We are presented with threshold issues of jurisdiction. With certain exceptions not here relevant, we may review only final orders of a district court. Moreover, we are specifically barred by 28 U.S.C. § 1447(d) from reviewing “[a]n order remanding a case to the State court from which it was removed,” where the district court has decided to remand because it believes it “lacks subject matter jurisdiction.” 28 U.S.C. §§ 1447(c), (d), as interpreted in Thermtron Products, Inc. v. Hermansdorfer, 423 U.S. 336, 96 S.Ct. 584, 46 L.Ed.2d 542 (1976), and Gravitt v. Southwestern Bell Telephone Co., 430 U.S. 723, 97 S.Ct. 1439, 52 L.Ed.2d 1 (1977).
The November 30, 1993, order from which Beneficial appeals dismissed with prejudice its cross-claim against the IRS on “grounds of sovereign immunity” and remanded the remaining claims in the case to the state court from which it came because it had “no independent jurisdiction” over those claims. Beneficial asks us to hold that the district court erred in dismissing its claim against the IRS. It further asks us to rule that the district court erred in remanding the other claims in the case whether or not it was justified in dismissing the IRS.1 We conclude that we have jurisdiction to review that portion of the November 30, 1993, order which dismissed Beneficial's claim against the IRS with prejudice, and we will affirm that part of the order. We are without jurisdiction, however, to review the district court's remand decision.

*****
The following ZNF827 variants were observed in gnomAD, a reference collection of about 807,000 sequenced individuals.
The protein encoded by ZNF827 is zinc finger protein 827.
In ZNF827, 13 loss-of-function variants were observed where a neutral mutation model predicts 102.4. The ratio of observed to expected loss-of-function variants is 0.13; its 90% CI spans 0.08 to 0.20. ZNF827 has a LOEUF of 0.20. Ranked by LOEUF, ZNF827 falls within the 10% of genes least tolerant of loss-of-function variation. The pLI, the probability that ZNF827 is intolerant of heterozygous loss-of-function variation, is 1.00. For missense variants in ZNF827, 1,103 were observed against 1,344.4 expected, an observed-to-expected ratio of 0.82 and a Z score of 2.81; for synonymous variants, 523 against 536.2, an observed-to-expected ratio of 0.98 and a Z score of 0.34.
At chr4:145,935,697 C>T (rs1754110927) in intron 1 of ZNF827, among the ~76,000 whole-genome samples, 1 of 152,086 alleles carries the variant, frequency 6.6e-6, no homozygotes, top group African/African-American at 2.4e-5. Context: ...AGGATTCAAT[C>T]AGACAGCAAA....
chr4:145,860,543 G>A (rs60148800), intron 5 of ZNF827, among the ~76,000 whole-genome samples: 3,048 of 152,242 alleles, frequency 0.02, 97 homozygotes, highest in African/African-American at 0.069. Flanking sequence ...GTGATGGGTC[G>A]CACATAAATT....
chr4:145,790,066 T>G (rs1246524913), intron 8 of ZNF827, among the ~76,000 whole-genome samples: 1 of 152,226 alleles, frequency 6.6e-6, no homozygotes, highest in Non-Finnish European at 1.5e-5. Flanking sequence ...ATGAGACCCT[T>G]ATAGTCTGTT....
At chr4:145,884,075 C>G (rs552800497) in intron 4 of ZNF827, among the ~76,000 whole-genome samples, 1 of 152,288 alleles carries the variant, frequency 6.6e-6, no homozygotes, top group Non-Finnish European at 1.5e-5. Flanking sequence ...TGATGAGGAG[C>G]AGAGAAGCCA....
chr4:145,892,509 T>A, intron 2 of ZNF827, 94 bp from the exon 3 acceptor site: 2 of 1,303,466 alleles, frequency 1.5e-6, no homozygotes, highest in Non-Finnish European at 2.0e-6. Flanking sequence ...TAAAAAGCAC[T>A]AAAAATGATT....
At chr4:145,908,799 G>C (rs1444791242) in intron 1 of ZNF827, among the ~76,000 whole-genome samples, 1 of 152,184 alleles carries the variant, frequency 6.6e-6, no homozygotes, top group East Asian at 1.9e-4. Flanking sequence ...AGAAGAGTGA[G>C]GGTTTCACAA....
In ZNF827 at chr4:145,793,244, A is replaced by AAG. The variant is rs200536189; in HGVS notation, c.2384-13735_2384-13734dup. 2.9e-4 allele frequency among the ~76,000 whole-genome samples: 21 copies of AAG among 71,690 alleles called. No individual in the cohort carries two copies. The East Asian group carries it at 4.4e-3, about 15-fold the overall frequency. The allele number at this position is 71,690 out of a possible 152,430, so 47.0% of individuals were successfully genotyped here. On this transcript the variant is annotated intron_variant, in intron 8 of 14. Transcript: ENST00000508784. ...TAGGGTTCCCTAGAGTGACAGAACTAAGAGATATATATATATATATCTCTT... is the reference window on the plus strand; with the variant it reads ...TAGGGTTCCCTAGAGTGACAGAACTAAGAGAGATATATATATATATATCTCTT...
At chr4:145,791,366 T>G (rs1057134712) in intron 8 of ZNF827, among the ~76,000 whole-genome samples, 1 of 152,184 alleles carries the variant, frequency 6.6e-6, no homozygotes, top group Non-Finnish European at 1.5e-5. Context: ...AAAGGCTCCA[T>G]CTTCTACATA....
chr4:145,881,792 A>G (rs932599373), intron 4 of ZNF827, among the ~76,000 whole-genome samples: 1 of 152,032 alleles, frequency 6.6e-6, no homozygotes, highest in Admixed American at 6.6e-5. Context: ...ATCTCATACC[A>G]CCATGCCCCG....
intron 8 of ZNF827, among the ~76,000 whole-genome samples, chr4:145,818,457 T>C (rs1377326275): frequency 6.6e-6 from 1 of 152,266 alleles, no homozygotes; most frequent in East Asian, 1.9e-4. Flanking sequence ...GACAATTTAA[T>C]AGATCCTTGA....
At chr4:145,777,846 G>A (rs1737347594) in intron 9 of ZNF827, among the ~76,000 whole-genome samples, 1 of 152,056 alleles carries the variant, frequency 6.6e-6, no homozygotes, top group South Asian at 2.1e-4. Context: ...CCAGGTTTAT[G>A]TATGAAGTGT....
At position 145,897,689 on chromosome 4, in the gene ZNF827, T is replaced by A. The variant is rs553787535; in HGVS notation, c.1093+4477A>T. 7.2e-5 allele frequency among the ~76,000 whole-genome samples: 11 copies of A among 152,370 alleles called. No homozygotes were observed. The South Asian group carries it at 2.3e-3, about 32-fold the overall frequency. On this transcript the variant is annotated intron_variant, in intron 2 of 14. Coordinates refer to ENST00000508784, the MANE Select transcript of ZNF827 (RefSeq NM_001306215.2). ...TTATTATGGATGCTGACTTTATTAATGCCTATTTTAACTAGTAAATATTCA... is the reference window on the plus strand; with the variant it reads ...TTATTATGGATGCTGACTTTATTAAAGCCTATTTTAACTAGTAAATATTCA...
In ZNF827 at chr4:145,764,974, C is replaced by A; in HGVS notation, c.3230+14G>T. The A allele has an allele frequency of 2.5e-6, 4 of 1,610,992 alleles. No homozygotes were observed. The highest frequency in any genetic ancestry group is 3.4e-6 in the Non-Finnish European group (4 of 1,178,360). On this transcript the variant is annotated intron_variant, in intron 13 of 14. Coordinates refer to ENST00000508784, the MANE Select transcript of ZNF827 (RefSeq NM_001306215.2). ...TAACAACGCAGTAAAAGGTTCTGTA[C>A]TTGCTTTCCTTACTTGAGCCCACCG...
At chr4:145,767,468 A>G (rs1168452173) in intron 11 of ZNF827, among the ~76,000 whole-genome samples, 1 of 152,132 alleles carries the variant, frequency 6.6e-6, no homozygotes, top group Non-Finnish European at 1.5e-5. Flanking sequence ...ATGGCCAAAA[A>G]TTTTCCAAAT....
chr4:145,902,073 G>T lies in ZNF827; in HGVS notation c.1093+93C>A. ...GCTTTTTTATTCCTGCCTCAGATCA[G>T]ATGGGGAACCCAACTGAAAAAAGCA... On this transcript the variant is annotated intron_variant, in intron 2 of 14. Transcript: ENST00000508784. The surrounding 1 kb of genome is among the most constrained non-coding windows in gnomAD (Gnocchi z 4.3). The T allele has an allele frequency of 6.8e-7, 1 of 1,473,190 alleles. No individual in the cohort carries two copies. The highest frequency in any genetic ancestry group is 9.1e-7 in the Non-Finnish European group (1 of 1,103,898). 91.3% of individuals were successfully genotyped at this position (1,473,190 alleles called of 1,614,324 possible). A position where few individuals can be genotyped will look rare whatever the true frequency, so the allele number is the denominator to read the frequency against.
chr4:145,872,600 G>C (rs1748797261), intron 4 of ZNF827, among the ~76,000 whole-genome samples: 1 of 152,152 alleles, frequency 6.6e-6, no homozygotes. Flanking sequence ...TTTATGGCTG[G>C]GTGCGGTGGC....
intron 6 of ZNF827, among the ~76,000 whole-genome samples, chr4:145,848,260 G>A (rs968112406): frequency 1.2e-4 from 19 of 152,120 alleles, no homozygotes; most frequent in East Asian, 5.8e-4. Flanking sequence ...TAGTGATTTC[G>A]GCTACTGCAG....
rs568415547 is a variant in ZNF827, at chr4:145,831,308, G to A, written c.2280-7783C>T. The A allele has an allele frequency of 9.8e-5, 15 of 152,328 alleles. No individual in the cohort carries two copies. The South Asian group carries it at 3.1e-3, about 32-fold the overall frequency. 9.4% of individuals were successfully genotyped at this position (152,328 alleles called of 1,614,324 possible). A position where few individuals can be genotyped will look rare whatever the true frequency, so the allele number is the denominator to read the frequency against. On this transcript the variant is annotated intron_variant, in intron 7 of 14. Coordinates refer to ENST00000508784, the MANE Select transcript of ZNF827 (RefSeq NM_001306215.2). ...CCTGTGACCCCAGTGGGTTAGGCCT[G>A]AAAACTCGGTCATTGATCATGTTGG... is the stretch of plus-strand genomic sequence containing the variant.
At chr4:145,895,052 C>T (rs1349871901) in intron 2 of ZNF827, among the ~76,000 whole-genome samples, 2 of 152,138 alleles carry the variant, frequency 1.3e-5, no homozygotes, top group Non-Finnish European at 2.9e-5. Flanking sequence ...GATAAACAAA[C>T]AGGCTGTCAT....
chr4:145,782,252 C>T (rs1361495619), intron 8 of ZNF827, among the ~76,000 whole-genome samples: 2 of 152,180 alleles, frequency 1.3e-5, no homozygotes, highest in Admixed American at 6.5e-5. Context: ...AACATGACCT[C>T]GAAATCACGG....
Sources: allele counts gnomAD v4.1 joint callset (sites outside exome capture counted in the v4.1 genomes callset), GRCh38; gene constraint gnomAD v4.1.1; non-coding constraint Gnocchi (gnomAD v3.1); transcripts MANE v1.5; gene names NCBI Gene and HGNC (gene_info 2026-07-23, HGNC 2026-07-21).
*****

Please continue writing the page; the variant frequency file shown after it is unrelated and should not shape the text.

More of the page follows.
Because the district court's decision to dismiss Beneficial's claim against the IRS affected the substantive rights of the parties and was separable from the district court's decision to remand, that portion of the order appealed from is a final one over which we have appellate jurisdiction despite the bar of 28 U.S.C. § 1447(d). This is the teaching of the Supreme Court's decision in City of Waco v. United States Fidelity & Guaranty Co., 293 U.S. 140, 143-44, 55 S.Ct. 6, 7-8, 79 L.Ed. 244 (1934) (review permitted of an order dismissing one party to a case where that order was accompanied by a motion to remand because “in logic and fact the decree of dismissal preceded that of remand and was made by the District Court while it had control of the case.”), and our decision in Carr v. American Red Cross, 17 F.3d 671, 674-78 (3d Cir.1994) (same).